The chart is not meant to be all inclusive at this point and it will be an ongoing project.  We anticipate expanding it to include additional data regularly.  Along with that, our challenge is to try and determine the relative validity of the various ancient Irish tracts and other historical documents that chart the history of all those who are CTS4466/Irish Type II, both in Ireland and wherever their wanderings took them, and discover how they are all related.  No easy task, but we look forward to updating this study as more NGS and CTS4466 Panel data becomes available and we broaden our knowledge.


There is an understandable interest in how old CTS4466 is.  We must first recognize that the TMRCA is only the time to the most recent common ancestor - not necessarily the original one.  The man with the initial SNP that defines the subclade represented by CTS4466 and its equivalents almost surely lived much earlier, perhaps by even 1500 years or more, due to a bottleneck evidenced by a significant number of equivalent SNPs to CTS4466 itself, implying a long period in which the lineage survived by a thread, before S1115 and A7751 occurred.  There were probably more branches in the lineage at one time, but any offshoots from the numerous equivalent SNPs or indeed other branches of CTS4466 itself, based on our current data, have died out.  Hence, the common ancestor to whom we try to estimate a TMRCA period is an embodiment of a complex lineage going back that we will almost certainly never be able to completely decipher.  What we can hope for is continued discoveries of further branches as we receive more BIG Y results for not only the CTS4466+ participants in our project, but also the directly upstream SNPs of FGC11134+ but CTS4466- participants.  These upstream SNPs may also provide clues of their own to the origins of CTS4466.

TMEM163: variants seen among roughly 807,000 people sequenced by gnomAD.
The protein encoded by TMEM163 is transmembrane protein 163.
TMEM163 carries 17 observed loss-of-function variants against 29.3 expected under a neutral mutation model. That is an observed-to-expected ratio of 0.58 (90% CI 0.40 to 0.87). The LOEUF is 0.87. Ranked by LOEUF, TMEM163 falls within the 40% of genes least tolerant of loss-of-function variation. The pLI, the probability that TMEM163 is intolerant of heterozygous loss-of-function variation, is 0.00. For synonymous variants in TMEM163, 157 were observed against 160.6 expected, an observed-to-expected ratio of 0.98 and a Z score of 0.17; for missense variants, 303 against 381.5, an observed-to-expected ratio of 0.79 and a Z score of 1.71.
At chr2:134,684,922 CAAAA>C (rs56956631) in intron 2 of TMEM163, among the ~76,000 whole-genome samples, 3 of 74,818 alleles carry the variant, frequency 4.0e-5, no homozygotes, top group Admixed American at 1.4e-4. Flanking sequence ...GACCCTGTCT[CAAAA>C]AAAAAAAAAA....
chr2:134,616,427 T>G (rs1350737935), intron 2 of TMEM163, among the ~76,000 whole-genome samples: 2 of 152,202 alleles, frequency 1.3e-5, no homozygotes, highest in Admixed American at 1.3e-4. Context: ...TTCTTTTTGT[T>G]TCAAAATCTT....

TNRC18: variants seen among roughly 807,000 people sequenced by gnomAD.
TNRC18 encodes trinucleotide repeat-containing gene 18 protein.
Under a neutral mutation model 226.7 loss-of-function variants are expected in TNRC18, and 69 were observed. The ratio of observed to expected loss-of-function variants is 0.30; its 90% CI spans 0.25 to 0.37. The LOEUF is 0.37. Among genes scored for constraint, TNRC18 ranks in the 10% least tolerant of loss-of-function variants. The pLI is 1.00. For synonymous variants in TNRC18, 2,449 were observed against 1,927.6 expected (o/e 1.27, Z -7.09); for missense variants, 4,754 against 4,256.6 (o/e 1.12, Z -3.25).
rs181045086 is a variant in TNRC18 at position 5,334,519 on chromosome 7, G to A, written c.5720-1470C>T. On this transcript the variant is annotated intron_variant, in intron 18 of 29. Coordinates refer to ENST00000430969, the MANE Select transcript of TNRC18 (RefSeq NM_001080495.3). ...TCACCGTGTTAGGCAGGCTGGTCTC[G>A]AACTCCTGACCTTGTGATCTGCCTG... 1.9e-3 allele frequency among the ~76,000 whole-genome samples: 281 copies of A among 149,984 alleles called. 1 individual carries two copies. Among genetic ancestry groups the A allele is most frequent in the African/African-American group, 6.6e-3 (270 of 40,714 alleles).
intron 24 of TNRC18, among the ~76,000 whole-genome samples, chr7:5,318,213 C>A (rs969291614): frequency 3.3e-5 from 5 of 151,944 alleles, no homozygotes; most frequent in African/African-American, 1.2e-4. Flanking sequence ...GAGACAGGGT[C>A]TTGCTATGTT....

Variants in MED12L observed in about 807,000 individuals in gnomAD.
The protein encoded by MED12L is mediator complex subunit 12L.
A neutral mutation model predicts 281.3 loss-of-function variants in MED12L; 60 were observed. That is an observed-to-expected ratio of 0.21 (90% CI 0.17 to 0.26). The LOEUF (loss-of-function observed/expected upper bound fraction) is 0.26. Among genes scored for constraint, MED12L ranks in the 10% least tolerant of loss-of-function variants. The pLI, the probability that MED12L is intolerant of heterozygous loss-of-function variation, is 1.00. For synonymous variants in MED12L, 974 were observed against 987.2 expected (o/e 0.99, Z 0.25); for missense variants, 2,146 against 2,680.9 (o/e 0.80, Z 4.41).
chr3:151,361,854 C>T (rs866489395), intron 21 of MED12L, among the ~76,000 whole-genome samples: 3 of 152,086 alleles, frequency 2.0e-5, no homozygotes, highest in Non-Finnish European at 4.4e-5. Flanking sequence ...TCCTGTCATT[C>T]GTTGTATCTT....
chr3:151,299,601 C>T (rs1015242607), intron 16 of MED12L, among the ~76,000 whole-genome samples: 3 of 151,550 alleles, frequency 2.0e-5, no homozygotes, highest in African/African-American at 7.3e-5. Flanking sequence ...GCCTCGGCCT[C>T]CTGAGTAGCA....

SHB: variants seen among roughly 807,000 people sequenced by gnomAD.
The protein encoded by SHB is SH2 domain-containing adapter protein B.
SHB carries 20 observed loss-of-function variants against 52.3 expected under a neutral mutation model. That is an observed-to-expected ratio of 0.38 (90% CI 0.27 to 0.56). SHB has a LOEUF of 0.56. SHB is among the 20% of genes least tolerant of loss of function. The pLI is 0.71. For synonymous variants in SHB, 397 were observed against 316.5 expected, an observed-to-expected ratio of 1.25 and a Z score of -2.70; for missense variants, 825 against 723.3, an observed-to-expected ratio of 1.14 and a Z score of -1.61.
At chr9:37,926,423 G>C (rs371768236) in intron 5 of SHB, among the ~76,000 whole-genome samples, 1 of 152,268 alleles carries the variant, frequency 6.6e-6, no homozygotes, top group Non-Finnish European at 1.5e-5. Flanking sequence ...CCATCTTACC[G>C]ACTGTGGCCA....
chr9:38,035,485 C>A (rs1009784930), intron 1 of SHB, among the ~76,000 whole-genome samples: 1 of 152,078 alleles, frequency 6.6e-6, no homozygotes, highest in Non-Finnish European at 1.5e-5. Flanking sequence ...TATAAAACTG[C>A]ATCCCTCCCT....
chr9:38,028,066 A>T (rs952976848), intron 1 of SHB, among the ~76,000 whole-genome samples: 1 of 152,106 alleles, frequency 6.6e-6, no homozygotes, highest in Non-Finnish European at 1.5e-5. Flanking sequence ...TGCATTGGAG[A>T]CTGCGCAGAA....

There are various methods of calculating TMRCA - based on the number of SNPs separating different subclades, the number of mutations present in the dataset chosen, STR diversity, etc.; and different dates have been calculated, depending on mutation rates used, counting of mutations and/or number of SNPs between branches, percent of probability considered, and factors for bottlenecks, back mutations, etc. taken into account, which are variables that can never be known for sure.  While the results are sometimes similar between different citizen scientists and more commercial statisticians studying DNA, even professional statisticians have to admit that there can be no certainty in the level of accuracy any of these methods provide, and it's possible there could be significant underestimations.